My journey with infertility began in 2004 and has led me on an unimaginable path to find meaning, gratitude, and fulfillment through academic research and raising awareness. My husband and I were devastated by our diagnosis of infertility and were further negatively impacted when our fertility treatment journey ended unsuccessfully in 2010. Following our final attempt at IVF and ICSI, I found myself feeling as though my life held no meaning and I sought help and guidance from a psychotherapist. With an incredible amount of support from my therapist, husband, friends, and family, I began my path to healing from the trauma of unsuccessful fertility treatments. While this path has been long, I’ve discovered the healing power of sharing my story through academic research and raising awareness of involuntary childlessness.

Having always wanted to earn an undergraduate degree in voice performance (I’m a self-employed piano and voice teacher), I decided to enroll in an Honours Bachelor of Music program at the age of 31. During my final year of university, I discovered a passion for research on the impact of sex hormones on the female singing voice. Although a large amount of research has been conducted on the impact of hormonal shifts and interventions on the female singing voice, I discovered a gap in the academic literature on the impact of fertility treatments. This discovery led me to conduct a research project on the impact of fertility treatments on singers’ voices that revealed a need for further research in this field.

I enrolled in a Master’s of Music Education program so that I could further my studies and continue to fuel my passion for research. My research interests evolved to include women who are involuntarily childless, not necessarily through medical infertility. This evolution coincided with my diagnosis, at 34, of Remitting-Recurring Multiple Sclerosis. At the time of my diagnosis, my husband and I had been thinking of attempting fertility treatments again, but I was told that I would have to discontinue my MS medication if we were to try again. And, so, my childlessness became a “choice” between my physical and cognitive health and trying to conceive. I chose my health and continued on to conduct my Master’s thesis research titled “The Impact of Infertility on Female Vocalist Identity.” Through research presentations at academic conferences, I met a number of men and women who shared their infertility stories with me. These interactions were incredibly powerful and fueled my continued research journey.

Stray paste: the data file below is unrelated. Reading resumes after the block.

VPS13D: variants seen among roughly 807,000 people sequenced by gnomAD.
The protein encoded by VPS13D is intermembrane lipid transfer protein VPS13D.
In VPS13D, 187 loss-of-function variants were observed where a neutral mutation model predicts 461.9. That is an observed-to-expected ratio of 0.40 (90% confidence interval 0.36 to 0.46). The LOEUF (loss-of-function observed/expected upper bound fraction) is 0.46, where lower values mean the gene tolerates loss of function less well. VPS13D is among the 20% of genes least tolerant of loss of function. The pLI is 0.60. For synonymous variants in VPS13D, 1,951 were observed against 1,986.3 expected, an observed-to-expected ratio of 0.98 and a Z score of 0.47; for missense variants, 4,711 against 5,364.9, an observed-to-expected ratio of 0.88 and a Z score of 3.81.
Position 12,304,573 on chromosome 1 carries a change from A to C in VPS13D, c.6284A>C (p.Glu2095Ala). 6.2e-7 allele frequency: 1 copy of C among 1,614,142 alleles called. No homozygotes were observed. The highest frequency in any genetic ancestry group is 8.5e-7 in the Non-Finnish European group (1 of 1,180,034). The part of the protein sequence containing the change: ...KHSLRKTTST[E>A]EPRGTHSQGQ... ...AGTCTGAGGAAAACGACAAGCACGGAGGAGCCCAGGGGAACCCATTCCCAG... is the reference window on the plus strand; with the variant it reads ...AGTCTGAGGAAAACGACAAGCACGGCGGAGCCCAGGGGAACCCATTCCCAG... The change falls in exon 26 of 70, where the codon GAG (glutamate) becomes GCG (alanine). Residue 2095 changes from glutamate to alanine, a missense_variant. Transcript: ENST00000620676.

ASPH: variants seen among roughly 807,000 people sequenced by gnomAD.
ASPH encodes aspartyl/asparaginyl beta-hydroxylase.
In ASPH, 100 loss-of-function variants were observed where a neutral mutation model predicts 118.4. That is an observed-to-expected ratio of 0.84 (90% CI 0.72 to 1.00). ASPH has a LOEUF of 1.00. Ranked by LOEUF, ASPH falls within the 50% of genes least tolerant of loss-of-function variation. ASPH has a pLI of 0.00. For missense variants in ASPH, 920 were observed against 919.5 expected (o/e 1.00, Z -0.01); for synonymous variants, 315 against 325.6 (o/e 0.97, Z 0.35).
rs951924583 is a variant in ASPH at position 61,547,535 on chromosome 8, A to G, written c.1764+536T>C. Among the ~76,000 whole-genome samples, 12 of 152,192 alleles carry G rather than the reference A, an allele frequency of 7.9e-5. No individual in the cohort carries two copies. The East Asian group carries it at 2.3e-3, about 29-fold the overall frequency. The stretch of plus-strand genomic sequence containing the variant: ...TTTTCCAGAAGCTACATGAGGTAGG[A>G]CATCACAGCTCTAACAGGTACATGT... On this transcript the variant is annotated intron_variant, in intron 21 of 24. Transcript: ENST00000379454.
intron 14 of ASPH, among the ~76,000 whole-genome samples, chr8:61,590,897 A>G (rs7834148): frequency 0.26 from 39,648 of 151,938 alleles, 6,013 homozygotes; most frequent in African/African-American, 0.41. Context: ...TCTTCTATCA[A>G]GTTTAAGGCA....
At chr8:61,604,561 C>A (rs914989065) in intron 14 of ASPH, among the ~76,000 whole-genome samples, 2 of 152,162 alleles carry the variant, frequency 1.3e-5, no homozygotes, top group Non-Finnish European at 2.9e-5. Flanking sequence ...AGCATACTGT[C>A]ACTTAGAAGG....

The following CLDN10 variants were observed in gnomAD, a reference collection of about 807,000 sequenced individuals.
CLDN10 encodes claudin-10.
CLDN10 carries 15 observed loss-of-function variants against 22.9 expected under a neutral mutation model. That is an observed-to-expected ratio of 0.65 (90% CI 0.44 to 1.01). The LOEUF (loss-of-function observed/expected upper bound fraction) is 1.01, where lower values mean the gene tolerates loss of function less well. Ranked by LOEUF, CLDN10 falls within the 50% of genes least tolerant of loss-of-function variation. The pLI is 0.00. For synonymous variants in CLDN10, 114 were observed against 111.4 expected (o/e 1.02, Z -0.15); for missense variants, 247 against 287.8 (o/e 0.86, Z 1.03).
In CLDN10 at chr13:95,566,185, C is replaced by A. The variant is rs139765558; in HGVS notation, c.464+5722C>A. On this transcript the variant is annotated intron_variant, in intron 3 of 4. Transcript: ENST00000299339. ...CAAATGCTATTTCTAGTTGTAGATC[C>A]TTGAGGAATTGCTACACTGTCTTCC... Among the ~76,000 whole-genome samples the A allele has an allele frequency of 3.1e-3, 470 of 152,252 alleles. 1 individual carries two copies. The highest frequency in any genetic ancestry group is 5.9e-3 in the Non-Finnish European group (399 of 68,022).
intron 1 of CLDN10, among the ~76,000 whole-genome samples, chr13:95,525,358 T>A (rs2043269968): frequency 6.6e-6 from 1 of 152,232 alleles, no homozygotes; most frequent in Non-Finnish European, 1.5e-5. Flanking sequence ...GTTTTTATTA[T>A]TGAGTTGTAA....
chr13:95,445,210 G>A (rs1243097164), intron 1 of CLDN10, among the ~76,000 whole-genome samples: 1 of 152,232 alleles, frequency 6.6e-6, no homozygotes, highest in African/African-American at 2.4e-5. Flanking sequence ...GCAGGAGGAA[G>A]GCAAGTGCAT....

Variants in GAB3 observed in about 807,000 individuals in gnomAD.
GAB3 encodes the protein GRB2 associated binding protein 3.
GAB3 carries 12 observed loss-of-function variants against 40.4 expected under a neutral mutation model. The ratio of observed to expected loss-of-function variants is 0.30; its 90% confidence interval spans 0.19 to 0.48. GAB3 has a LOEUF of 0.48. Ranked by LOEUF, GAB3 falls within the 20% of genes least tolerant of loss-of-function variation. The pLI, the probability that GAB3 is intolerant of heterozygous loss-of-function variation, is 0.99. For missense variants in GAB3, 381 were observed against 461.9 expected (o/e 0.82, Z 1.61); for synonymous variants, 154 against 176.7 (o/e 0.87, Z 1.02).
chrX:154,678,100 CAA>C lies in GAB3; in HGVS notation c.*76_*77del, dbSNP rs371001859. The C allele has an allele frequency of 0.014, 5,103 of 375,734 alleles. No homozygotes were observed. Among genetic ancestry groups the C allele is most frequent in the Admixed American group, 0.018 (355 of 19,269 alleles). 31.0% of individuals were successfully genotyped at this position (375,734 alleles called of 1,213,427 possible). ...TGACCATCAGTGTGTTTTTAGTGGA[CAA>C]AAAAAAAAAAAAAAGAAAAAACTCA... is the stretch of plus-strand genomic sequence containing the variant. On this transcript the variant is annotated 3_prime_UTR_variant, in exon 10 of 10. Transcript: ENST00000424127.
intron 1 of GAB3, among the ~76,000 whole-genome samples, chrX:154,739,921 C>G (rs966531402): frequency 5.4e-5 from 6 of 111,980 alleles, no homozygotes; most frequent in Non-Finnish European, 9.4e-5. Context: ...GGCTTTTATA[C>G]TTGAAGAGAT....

Following completion of my Master’s degree, I enrolled in a PhD program in Music Education, where I’m currently a PhD candidate in my third year. I continue to present my research and raise awareness for involuntary childlessness through academic presentations and social networking. My dissertation fieldwork will take place this coming year as I explore the ways in which involuntarily childless women build community and develop self-empowerment through singing and songwriting with the Childless Voices Choir.

Laura C.
Ontario, Canada